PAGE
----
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I used this same statement 8 years ago when I gave the first presentation and it still applies. When you look at carbon you have to look at it as.

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Presentation on theme: "I used this same statement 8 years ago when I gave the first presentation and it still applies. When you look at carbon you have to look at it as."— Presentation transcript:

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4 I used this same statement 8 years ago when I gave the first presentation and it still applies. When you look at carbon you have to look at it as a material that will breakdown sooner than later. It is a friable (but still abrasive) material that is so porous that it is just waiting to break. So it is quite important to know the size of the material you are putting into your circuit and what kind of size distribution you have in the active circuit

5 Depending on the circuit equipment, the standard size distribution you get can be useful information or some of the worst information you could use. Why? If you are using square mesh screens, the information is useful, if you used wedge wire screens (which most of the high production plants use) the information means nothing. The carbon used in gold adsorption is made from coconut shell that has been charred and then activated. By nature, it is platey, that is, it may be long and wide, but it is usually thin. That aspect of carbon completely changes how the material is sized on wedge wire screens. I have tested carbon using lab wedge wire screen (specially fabricated) and found a carbon that had 0% passing 12 mesh (square mesh), passing 50% 1.68 mm, 40% 1.0 mm and 18% mm. Why is this important? If you have wedge wire screens in your plant, you initially attrition your carbon (if youre smart anyway), then send you new carbon over your sizing screen. If you use the carbon from above and you used 1.0 mm screen, you only get to use 82% of your carbon.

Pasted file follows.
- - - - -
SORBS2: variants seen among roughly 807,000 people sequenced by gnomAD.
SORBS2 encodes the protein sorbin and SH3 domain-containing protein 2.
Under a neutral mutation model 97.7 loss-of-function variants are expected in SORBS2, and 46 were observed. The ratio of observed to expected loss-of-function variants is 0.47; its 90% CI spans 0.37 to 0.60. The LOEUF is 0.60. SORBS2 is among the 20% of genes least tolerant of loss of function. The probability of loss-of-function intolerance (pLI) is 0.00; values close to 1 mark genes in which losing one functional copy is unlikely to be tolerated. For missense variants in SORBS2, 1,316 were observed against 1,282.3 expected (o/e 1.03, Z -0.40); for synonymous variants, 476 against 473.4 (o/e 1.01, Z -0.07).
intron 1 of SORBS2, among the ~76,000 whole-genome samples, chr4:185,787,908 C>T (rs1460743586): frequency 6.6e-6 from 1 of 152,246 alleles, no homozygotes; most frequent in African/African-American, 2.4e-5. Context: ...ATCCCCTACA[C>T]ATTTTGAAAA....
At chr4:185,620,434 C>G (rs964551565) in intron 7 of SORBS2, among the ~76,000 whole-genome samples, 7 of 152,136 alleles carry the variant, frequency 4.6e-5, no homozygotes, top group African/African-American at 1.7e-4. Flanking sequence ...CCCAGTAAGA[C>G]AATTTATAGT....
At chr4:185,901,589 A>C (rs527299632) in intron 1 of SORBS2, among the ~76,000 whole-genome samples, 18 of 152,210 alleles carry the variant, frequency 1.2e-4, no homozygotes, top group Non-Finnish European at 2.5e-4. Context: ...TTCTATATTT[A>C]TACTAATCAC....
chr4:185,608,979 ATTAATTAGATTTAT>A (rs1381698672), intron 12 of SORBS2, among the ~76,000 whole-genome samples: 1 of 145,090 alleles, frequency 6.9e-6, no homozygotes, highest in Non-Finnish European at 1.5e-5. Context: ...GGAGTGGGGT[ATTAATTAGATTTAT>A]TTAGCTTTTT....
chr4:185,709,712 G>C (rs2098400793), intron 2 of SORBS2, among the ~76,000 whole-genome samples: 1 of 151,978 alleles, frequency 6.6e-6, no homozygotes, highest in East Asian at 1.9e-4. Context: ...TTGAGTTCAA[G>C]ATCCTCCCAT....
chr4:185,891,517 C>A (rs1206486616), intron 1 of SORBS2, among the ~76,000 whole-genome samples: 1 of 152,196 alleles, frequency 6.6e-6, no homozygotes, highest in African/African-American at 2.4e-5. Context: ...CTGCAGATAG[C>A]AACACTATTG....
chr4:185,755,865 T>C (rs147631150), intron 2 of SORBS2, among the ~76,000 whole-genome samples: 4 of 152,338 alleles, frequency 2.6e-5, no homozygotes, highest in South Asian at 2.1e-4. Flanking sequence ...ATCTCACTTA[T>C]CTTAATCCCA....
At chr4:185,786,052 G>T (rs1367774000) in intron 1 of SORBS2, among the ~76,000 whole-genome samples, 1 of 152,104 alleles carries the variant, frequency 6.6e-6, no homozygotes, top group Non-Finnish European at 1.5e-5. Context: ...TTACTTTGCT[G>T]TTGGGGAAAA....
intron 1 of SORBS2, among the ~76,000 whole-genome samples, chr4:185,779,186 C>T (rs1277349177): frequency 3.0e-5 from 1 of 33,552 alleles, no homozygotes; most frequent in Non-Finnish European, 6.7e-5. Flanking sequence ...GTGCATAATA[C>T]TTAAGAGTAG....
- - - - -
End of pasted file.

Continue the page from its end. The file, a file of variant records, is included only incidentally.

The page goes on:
6 But now you have to worry, how much of the carbon can you keep in the circuit. I have always favored the largest carbon I could find to use in a CIP or CIL. Some would say that the larger size carbon decreases the adsorption kinetics. Theoretically that is true and you might even be able to measure it in the lab, but in the plant youll never see a difference. So, in my opinion, bigger is better. The larger the starting size, the longer you get to use your carbon and the better chance to get to limit your loses of gold through carbon that passes through the safety screens. What else can affect the life in the carbon and have an effect on the size? The carbon hardness. If the carbon is not sufficiently hard, the probably of the carbon breaking goes up. There are portions of the world, where a higher CTC carbon (60% CTC) is favored over lower CTC carbon (45 to 50% CTC).

7 Lets look at the facts. The bulk density of a 60% CTC carbon ranges from 0.48 to 0.49 g/cc and a 45% CTC carbon ranges from 0.51 to 0.52 g/cc. This has to be, because to get to the higher CTC number (which is also referred to as its activity by some) you have to convert substrate carbon (the particles back bone) into pore space. Therefore there is more surface area and more spaced to adsorb the carbon tetrachloride. So you have removed from 3.9 to 7.8% of the carbon structure. Which of these material do you expect to be stronger? That is a loaded question, because all carbon is not equal and youll have to compared the strength from carbon that come from the same source (same company) to get a good comparison. But if you look a carbon from the same source youll find the lower CTC is always harder.